Condo sold, net worth return to form, & up $35K – July 2020 Freedom Update

Big news first: I closed on my condo on June 29! It hit the market April 22, and I got the offer on May 30. As y’all know, I’ve been on veritable pins and needles waiting for this. Now that it’s over, I’m almost embarrassed at the sheer amount of mental and psychic energy I put into it.

It drained me and consumed my thoughts. For the first time since I was little, I got down on my knees at night and prayed (for a smooth, quick sale).

This whole thing started in January when I got a small ceiling leak and morphed into this whole debilitating thing. But it’s done. And I finally feel like I’M BACK.

july 2020 freedom update

Now I live in an apartment in Dallas with the goodest boy

I’m always amazed (in a bad way) at how consumed I get with situations to the point where it zaps me so fully. That said, the last couple of weeks before closing were absolutely freaking crazy. In no way would I describe myself as being “calm.”

I didn’t post a June 2020 Freedom update because I knew the sale was pending and that it would shake up my financial situation. It did. And now I’m heading into the best financial shape of my life.

July 2020 Freedom Update

On June 29, I got up early and went to the title office. Within an hour, it was done. Later that day, I got the money from the sale.

a number of numbers on a white background


All told, I walked away with $35,250.80. Not as much as I wanted or could’ve gotten, but plenty considering I was ready to get rid of the condo for pennies if necessary.

a glass of drink on a table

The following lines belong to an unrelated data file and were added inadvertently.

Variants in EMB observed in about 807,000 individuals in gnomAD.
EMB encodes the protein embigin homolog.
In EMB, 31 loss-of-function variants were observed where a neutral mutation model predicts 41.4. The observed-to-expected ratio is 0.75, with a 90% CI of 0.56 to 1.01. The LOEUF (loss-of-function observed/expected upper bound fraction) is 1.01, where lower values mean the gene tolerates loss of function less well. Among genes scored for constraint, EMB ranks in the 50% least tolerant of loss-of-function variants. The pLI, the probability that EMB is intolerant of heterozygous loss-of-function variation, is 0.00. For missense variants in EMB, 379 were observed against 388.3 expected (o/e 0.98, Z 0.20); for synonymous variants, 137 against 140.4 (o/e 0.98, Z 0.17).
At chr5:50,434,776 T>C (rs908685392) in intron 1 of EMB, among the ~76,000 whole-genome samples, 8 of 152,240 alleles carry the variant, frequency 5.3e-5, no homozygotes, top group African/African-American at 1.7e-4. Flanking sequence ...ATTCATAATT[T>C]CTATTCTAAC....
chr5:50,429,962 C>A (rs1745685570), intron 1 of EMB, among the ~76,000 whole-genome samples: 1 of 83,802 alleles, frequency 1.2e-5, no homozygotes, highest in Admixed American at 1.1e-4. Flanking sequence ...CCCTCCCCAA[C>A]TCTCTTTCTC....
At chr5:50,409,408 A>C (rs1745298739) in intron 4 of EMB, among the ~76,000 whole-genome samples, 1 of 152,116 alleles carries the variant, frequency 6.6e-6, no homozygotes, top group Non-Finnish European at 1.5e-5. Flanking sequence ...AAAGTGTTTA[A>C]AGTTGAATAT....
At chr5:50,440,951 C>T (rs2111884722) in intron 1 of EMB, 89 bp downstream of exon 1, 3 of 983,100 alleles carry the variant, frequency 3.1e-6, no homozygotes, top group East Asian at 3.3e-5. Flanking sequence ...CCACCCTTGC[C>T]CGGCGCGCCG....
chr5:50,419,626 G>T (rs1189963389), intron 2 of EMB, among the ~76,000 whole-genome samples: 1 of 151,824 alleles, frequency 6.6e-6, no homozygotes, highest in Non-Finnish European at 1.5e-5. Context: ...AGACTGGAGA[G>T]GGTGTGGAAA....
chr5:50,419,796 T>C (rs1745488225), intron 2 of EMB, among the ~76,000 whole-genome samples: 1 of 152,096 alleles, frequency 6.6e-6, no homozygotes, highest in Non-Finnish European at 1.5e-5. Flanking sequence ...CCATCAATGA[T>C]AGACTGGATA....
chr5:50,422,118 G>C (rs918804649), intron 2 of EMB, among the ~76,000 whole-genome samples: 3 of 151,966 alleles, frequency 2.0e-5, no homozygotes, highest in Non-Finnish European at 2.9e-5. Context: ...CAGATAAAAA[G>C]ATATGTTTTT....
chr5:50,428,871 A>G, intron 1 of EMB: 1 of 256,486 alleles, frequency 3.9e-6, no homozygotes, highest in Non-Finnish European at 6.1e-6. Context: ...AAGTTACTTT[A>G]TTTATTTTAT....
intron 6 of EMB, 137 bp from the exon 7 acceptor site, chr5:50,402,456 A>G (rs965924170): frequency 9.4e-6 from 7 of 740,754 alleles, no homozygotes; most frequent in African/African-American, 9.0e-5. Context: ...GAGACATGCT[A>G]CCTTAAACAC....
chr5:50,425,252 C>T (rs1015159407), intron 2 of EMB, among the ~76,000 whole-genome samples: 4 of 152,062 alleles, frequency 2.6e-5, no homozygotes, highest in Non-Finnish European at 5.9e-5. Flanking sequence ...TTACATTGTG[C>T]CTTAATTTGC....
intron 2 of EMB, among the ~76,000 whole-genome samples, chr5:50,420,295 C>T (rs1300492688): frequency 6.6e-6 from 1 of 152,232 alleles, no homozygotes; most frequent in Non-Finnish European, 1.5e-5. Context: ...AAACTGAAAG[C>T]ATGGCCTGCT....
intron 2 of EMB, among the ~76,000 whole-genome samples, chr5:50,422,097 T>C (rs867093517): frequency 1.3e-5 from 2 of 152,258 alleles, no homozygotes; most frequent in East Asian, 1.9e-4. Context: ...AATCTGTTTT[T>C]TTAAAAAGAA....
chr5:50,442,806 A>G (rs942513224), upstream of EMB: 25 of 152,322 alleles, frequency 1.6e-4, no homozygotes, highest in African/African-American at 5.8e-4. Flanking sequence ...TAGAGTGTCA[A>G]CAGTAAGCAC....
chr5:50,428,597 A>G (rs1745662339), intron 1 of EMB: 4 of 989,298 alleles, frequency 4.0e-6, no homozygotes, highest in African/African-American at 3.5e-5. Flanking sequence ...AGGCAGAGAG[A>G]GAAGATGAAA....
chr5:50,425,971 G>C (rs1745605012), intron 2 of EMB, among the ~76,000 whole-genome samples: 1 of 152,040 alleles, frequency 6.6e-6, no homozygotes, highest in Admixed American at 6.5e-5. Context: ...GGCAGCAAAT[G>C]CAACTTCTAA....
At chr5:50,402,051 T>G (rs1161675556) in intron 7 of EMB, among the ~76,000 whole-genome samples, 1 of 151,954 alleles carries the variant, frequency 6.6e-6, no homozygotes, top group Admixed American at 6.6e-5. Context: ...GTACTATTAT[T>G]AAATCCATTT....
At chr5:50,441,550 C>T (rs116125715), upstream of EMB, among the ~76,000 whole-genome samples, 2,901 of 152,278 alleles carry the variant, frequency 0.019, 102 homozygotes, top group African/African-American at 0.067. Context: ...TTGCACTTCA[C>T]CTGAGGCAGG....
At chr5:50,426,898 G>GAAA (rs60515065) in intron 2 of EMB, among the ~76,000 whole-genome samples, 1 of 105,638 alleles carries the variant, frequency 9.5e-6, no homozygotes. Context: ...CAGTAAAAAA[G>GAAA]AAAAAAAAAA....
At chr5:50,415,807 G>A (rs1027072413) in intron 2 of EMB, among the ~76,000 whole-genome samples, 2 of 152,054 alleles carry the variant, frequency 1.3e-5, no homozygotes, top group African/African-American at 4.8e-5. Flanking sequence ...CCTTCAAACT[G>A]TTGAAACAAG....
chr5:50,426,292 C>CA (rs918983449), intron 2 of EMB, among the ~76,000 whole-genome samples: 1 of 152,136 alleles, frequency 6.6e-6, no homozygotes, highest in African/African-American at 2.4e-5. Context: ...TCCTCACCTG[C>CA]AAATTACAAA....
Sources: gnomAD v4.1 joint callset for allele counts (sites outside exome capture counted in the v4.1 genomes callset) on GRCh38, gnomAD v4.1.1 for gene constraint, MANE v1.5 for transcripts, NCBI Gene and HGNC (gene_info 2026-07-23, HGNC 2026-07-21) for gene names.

In the interim, I sat and had a long margarita. Selling that condo was such a relief. Such a weight off. I let the liquor take off even more. It was my first drink in several weeks.

Then I went home and set about distributing the money. I’d thought about it for a while – exactly what I wanted to do with it. After I canceled my homeowner’s insurance and turned off the electricity, I split the proceeds into little pieces – and met a slew of my 2020 financial goals in the process.

Maxed out my 2020 Roth IRA

First things first, I sent $6,000 to my Roth IRA and maxed it out for 2020 in one fell swoop. When the cash cleared, I bought $6,000 worth of VTI and called it a day. Boring, simple, easy index funds: exactly what I want in my retirement accounts.

a screenshot of a graph

VTI is my newest flavor of vanilla. Here’s what’s in my Roth IRA

I have a few different index funds in my Roth IRA. The stocks are total market, with near-equal portions of FSKAX, FZROX, and VTI. I went back and forth about FSKAX vs VTI, but wanted to see how an ETF stacked up to a mutual fund over time. I’m also keeping an eye on FZROX (Fidelity’s completely free to own fund) and will change that up in January 2021 if needed.

a screenshot of a computer screen

This felt so dang good

But they’re all index funds and all roughly the same. I guess I like comparing similar flavors. 🍨

Sent $20,000+ right to savings

Covid is freaking me out. While I want to invest heavily, I also want cash on hand in case things get worse before they get better. To that end, I met my goal of having $20,000 in a savings account. And for good measure, put $4,500 more into my PNC high-yield savings account and have a new stretch goal for $30,000 in that account, too.

These next few months, I will save like a maniac. Maybe I’ll end up using it on a down payment for a single-family home. But whatever happens, I’ll sleep a lot better knowing I can support myself for a year if I have to. I don’t feel secure in my job and have general uncertainty about pretty much everything right now, like everyone.

July 2020 Freedom Update